27 JANUARY 1900, Page 20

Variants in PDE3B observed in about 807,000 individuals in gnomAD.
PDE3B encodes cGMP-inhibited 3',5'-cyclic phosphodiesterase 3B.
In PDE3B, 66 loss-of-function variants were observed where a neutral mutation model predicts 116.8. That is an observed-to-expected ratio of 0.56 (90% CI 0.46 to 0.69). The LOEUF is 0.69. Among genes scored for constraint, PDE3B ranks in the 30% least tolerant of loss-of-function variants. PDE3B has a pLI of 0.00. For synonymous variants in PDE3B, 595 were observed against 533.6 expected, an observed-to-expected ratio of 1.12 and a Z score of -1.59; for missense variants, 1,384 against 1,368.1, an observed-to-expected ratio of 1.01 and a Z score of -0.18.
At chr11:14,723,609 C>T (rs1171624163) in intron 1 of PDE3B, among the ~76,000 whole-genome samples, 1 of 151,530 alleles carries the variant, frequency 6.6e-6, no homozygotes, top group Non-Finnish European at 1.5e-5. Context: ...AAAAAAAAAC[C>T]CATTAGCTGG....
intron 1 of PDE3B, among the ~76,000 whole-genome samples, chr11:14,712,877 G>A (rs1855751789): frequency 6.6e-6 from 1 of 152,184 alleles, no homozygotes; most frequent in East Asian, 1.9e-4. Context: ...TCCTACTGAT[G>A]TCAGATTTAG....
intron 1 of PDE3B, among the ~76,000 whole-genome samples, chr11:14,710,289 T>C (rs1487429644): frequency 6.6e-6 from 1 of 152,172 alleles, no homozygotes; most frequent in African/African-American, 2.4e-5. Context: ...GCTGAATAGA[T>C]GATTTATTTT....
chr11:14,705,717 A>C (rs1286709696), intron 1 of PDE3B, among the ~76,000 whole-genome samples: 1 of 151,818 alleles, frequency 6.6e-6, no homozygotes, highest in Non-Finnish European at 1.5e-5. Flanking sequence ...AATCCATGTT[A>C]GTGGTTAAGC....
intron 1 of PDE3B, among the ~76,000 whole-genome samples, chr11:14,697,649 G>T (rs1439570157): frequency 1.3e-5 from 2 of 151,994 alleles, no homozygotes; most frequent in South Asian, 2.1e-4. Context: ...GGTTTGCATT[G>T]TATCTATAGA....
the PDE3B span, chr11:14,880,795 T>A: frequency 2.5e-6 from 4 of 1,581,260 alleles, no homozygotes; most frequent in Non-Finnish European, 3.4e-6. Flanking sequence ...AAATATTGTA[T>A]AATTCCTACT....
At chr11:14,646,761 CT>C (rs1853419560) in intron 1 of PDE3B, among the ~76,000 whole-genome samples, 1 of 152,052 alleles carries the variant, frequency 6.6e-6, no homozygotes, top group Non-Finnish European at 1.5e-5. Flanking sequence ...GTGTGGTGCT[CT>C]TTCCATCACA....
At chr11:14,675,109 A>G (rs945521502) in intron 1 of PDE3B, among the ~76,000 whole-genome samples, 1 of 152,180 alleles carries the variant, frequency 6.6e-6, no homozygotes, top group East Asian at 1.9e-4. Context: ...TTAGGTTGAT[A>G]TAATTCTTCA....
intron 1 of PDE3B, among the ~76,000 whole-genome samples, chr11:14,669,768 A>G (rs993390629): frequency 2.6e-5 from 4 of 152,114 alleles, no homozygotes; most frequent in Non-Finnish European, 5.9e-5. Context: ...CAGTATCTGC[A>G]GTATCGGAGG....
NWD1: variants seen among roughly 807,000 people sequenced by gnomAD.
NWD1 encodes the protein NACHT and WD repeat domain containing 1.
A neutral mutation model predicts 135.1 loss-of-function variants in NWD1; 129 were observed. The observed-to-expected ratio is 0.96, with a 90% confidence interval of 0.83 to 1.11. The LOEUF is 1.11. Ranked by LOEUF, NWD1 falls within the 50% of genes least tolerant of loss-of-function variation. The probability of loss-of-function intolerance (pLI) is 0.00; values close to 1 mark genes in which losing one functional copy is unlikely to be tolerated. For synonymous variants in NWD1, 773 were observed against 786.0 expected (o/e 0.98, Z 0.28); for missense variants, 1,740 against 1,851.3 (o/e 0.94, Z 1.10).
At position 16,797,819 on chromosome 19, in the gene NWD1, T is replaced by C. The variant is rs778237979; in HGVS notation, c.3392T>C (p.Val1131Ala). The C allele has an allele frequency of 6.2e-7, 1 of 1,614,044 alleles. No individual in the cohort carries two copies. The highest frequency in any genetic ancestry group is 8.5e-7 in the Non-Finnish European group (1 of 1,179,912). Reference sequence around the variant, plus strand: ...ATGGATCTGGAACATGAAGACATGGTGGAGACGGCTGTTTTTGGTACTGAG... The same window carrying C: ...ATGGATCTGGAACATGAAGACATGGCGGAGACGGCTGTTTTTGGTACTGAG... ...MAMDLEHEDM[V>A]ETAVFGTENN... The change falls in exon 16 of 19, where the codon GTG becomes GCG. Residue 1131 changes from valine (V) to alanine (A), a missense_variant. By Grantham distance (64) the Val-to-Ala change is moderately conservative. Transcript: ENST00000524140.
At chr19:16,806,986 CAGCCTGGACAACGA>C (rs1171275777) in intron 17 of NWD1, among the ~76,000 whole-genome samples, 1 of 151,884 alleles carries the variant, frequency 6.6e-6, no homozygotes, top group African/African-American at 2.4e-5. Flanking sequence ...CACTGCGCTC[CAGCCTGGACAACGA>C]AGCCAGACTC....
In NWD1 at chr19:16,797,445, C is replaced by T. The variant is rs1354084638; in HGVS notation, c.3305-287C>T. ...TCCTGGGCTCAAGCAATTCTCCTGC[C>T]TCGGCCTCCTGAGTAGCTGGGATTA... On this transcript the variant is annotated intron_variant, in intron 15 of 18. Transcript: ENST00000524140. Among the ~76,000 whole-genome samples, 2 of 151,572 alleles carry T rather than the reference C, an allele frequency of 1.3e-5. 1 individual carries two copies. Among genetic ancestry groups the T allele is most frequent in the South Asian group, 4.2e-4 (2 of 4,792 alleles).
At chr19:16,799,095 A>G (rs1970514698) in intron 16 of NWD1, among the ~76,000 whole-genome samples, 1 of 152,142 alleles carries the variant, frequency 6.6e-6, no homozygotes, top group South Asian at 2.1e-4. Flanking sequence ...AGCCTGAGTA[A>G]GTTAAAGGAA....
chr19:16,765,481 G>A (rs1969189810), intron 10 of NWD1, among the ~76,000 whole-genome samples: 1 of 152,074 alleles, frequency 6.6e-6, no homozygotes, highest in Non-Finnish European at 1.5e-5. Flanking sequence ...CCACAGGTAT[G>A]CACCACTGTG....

PARLIAMENT meets on Tuesday next, and the House of Commons will then have to consider how best to carry on the war at its present stage, and how best to prepare against future entanglements. The first thing to be noted in regard to the meeting of Parliament is the fact that the Government will find no cause for embarrass- ment from the regular Opposition. Nothing could be better or more patriotic than the attitude of most of the chief men of the Opposition—Lord Rosebery, Mr. Asquith, Sir Henry Fowler, Sir Edward Grey—and we have not the slightest reason to expect that Sir William Harcourt or Sir Henry Campbell-Bannerman, though their action will be different owing to personal predilec- tions, will lift a finger to make the task of the Government harder. It is from the supporters of the Government, who feel under no necessity for showing that they will not take advantage of the Government's difficulties, not from the Opposition, that hostile criticism is to be expected. We have no desire to try to check that criticism when the proper time comes, but we would ask Unionist Members of Parliament to direct their immediate criticism to the present and the future, and not to the past. That is, we trust that whatever the temptation, they will dwell upon what is being done, and what ought to be done, rather than on what was done six months, or even one month, ago. The business of the House of Commons and of the nation is to keep the Government up to the mark if and when necessary, and not to wrangle over the past. Mr. Balfour made, we hold, a great mistake in trying to defend and explain the past actions of the Government, but, after all, that was only a verbal error. Do not let Unionist speakers endorse his mistake, and waste time and temper in attacking him for not having shown greater oratorical discretion. Let us dwell no more on past words than on past deeds. The duty of the Unionists is to keep the Government in office, but, as we have just said, to keep them while in office up to the mark in the matter of preparations. They must make the Government realise, for instance, that no expenditure on preparations will be grudged, even if they should after all turn out to be unnecessary. They must also make the Government understand that the omission to make preparations will not now be lightly forgiven, for such omission will be sinning against the light, and not capable of being excused as the omissions of six months ago are excused, and rightly excused.